Review Detail4.7 2
Obviously a book about school shootings isn’t going to be exactly a fluff read, but, by my standards at least, Brown’s novel isn’t completely depressing either. One thing that helps a lot is the setting. I’ve read at least one novel with a school shooting and I know several more exist, but Hate List focuses on the aftermath, which I think is an excellent authorial decision. As a culture, I think we have a rubbernecking sort of fascination with tragic events, but a tendency not to think about the long-term effects of things. Yes, the school shooting was horrible and sad and all sorts of other bad things, but what happened next is a really important question. All of the people involved have to live with that and how are they going to do that?
The choice of narrator for Hate List is also rather inspired. Val is both victim and possibly perpetrator in the shooting, and, with her as the MC, Brown can weigh the pain of both. For those who don’t know or who need a refresher, Val’s boyfriend of three years, Nick, was the shooter. Though Val didn’t know he was going to do it, she feels responsible, both because the hate list was her idea and because she feels like she should have known. Her mood constantly shifts from guilt, for what she feels she helped cause, to hate, at the way everyone treats her even though she didn’t kill anyone. Her emotions are complex and believable.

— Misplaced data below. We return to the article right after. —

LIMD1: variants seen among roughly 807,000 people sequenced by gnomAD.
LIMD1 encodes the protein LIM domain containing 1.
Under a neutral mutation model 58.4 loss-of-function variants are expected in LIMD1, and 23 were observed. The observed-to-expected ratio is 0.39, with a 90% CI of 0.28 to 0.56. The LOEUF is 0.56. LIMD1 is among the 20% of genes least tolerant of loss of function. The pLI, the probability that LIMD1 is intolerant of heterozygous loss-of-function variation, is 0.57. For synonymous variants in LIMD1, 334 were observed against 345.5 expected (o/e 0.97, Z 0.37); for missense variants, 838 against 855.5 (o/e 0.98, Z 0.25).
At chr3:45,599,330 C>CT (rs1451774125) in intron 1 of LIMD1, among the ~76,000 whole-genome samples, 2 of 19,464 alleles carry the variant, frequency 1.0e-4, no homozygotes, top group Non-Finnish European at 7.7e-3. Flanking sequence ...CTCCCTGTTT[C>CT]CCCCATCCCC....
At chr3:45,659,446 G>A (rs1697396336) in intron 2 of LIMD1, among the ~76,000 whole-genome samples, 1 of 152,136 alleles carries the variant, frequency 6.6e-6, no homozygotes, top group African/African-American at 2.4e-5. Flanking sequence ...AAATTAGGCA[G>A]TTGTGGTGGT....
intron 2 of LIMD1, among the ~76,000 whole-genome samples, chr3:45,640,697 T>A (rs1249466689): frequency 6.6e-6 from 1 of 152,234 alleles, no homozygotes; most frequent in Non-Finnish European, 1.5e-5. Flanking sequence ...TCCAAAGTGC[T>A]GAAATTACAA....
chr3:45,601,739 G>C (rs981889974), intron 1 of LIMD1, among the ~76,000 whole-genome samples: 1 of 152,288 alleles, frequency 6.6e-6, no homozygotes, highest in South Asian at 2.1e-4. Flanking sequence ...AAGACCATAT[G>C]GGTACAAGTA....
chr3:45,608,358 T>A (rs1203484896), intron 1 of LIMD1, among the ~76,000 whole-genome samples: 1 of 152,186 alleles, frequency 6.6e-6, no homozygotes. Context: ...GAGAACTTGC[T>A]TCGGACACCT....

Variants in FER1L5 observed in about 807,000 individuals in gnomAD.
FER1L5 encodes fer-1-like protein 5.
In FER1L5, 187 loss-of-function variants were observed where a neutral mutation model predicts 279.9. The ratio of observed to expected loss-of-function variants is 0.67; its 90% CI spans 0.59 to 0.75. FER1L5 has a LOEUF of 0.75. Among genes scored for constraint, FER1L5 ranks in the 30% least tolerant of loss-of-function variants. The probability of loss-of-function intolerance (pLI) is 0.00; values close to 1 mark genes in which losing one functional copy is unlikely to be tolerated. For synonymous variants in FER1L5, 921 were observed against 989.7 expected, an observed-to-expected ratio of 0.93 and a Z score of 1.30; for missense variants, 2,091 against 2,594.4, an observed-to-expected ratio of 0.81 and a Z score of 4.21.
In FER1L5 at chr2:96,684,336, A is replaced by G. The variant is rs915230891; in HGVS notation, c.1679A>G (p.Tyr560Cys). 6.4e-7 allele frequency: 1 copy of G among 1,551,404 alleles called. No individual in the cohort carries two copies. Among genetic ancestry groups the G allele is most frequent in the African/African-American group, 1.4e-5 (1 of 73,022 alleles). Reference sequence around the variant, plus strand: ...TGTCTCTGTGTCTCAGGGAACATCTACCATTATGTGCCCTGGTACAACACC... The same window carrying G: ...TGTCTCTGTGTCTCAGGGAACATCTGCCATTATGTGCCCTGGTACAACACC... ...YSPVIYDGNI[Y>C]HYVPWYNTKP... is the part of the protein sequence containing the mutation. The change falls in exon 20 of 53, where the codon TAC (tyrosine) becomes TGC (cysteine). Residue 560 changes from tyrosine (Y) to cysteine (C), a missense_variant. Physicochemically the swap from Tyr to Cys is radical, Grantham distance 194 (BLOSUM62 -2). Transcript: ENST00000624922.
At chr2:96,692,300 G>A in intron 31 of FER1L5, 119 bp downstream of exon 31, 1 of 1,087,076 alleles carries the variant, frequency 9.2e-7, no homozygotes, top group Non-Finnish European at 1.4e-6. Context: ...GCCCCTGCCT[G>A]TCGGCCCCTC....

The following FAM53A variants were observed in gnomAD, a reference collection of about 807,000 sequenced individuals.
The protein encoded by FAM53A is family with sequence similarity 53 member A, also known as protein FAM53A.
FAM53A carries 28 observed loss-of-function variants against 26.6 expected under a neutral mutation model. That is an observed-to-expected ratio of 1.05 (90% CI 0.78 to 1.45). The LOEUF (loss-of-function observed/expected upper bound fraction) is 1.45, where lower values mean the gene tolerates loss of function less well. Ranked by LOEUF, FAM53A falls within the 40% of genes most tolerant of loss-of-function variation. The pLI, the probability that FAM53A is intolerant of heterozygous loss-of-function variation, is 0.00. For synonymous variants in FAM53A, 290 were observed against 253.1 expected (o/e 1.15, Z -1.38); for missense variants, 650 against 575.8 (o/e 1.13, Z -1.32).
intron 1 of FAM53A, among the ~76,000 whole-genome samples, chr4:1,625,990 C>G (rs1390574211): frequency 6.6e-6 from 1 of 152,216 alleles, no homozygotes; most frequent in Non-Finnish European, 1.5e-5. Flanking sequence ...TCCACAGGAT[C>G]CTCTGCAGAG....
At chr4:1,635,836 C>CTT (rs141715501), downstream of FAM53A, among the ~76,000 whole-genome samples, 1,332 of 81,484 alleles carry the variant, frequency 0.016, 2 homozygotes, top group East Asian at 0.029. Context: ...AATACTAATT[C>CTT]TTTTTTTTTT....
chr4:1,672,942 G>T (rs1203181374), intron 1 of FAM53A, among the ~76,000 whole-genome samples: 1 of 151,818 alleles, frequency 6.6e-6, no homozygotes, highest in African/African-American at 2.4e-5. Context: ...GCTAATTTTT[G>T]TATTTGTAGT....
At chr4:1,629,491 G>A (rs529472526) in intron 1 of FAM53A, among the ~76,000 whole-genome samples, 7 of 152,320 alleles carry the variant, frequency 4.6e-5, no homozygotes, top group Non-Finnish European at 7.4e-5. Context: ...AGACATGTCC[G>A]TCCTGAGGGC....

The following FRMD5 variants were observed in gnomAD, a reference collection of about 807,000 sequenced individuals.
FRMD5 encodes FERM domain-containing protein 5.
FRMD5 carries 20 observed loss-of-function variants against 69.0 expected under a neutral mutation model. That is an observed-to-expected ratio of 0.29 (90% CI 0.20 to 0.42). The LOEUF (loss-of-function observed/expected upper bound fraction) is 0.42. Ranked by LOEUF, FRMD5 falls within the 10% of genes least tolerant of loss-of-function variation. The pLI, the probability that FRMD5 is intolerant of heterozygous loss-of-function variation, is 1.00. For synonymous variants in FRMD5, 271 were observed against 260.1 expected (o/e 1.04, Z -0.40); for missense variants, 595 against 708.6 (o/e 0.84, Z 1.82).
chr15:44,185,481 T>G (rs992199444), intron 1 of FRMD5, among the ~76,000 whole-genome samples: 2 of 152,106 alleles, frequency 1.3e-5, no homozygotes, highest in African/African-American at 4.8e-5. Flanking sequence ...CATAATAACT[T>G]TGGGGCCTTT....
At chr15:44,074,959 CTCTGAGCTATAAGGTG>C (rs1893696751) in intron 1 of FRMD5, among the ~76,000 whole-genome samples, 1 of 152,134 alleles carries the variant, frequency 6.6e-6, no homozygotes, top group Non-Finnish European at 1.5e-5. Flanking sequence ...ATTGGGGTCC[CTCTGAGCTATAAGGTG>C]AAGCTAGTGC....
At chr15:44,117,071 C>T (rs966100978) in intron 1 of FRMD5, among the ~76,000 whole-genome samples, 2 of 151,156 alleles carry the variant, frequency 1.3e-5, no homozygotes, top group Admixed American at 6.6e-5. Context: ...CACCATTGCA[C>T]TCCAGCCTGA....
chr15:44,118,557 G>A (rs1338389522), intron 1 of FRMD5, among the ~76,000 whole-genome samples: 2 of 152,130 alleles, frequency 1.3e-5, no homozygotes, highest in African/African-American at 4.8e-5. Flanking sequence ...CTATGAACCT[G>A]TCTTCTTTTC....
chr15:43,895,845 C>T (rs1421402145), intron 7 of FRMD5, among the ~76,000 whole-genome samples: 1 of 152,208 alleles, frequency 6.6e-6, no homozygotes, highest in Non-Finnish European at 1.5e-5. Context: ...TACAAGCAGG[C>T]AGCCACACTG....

What I liked best about Hate List was actually the relationship between Val and Dr. Hieler, her psychiatrist. So often in YA, there’s a subtle or overt mistrust of therapy, and Hate List‘s portrayal is incredibly positive. Dr. Hieler’s great at what he does and very much not a stereotypical therapist. He’s funny, talkative and supportive. He doesn’t push her to talk about the dark stuff and instead serves as a safe, non-judgmental space, which is so much what she needs. Dr. Hieler helps her recover more than anything else and I think that’s wonderful.
Also stellar is the friendship that evolves between Jessica and Val. In most YA novels, the social hierarchy consists of gorgeous, popular bitches who are evil. That’s who Jessica was to Val and Nick, which is why she ended up in the hate list. During the shooting though, Val saves Jessica’s life, taking a bullet herself, and Jessica proves her only friend when Val returns to school. Jessica turns out to be this incredibly kind, thoughtful person. Val’s friendship with Jessica helps Val realize how shallow most of the judgments in the hate list were.
Hate List does a really good job of weighing the subject matter without being preachy or judgmental. The victims aren’t held up as perfect innocents and Nick isn’t shown as the devil incarnate. The overall message is obviously one of friendship and love, but this isn’t done at the expense of reality. For example, I liked the inclusion of Val’s parents’ mistrust of her. They both say some pretty terrible things to her, but they’re also somewhat caring parents. On a side note, I like the positive arc given to her parents’ separation and new relationships.
What Left Me Wanting More:
On the whole, I didn’t emotionally connect with Hate List quite enough to bump this book into the range of absolutely loving it, but I do think it did a nigh perfect job with the subject matter. Also, I teared up a bit during that last scene, so, you know, good job, Ms. Brown.
Jennifer Brown’s Hate List is an excellent contemporary novel that takes a thoughtful and clever look at the powerful subject of school shootings. Hate List is markedly free of the most common YA tropes and is one of those rare YA novels without romance.